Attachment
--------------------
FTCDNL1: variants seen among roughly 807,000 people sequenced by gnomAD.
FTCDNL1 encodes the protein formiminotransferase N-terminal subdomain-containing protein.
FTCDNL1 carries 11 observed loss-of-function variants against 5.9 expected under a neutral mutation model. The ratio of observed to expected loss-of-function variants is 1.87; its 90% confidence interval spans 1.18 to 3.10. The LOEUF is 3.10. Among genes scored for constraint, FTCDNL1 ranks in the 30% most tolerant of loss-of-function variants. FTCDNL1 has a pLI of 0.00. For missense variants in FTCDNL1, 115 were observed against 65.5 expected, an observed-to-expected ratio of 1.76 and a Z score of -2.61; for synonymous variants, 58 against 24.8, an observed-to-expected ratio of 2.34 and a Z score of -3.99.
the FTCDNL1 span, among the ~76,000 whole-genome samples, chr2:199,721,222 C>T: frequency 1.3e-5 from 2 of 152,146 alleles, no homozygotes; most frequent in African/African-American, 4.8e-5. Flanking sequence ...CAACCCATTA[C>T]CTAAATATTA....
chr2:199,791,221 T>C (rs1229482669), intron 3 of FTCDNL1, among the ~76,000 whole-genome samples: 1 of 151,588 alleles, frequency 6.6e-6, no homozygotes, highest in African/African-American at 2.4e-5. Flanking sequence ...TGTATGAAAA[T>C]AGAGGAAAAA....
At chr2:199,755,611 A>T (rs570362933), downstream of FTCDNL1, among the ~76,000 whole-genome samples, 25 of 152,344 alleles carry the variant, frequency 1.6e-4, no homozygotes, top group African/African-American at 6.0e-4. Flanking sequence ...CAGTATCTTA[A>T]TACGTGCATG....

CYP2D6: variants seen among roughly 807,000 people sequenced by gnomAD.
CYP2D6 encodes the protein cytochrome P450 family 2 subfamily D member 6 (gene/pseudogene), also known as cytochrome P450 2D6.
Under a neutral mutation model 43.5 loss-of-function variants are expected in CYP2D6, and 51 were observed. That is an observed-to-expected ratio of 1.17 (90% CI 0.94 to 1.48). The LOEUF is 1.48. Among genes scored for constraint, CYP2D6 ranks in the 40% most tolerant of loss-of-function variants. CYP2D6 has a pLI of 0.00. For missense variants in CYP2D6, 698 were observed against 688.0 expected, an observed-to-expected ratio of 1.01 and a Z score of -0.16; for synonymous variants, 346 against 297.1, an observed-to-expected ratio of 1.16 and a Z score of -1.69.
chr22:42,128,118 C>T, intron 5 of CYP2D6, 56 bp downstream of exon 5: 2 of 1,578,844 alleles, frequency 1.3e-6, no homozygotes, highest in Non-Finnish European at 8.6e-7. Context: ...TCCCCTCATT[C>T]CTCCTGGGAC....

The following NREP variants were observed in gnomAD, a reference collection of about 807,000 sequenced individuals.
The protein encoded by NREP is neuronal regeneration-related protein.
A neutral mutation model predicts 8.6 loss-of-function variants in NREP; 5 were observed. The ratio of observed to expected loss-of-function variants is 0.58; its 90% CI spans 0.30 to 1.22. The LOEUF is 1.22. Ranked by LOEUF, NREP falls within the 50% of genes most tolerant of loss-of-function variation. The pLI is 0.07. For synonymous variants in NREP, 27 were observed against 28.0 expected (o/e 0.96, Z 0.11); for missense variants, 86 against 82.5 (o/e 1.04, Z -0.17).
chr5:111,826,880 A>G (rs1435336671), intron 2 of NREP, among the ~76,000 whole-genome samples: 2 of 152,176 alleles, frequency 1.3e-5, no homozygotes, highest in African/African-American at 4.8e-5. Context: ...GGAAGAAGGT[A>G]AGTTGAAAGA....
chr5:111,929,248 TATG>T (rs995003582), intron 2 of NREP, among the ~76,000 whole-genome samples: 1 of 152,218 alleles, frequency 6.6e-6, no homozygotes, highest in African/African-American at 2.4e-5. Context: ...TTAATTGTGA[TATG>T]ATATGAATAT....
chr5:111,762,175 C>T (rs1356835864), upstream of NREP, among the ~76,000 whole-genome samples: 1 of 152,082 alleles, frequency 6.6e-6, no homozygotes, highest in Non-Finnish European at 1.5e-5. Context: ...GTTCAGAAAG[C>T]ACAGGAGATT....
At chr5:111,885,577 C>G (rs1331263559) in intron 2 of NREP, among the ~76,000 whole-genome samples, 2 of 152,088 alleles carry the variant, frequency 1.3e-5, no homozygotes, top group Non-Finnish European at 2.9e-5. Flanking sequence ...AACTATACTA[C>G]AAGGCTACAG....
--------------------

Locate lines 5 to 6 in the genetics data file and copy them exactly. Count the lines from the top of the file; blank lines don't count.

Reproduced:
chr2:199,791,221 T>C (rs1229482669), intron 3 of FTCDNL1, among the ~76,000 whole-genome samples: 1 of 151,588 alleles, frequency 6.6e-6, no homozygotes, highest in African/African-American at 2.4e-5. Flanking sequence ...TGTATGAAAA[T>C]AGAGGAAAAA....
At chr2:199,755,611 A>T (rs570362933), downstream of FTCDNL1, among the ~76,000 whole-genome samples, 25 of 152,344 alleles carry the variant, frequency 1.6e-4, no homozygotes, top group African/African-American at 6.0e-4. Flanking sequence ...CAGTATCTTA[A>T]TACGTGCATG....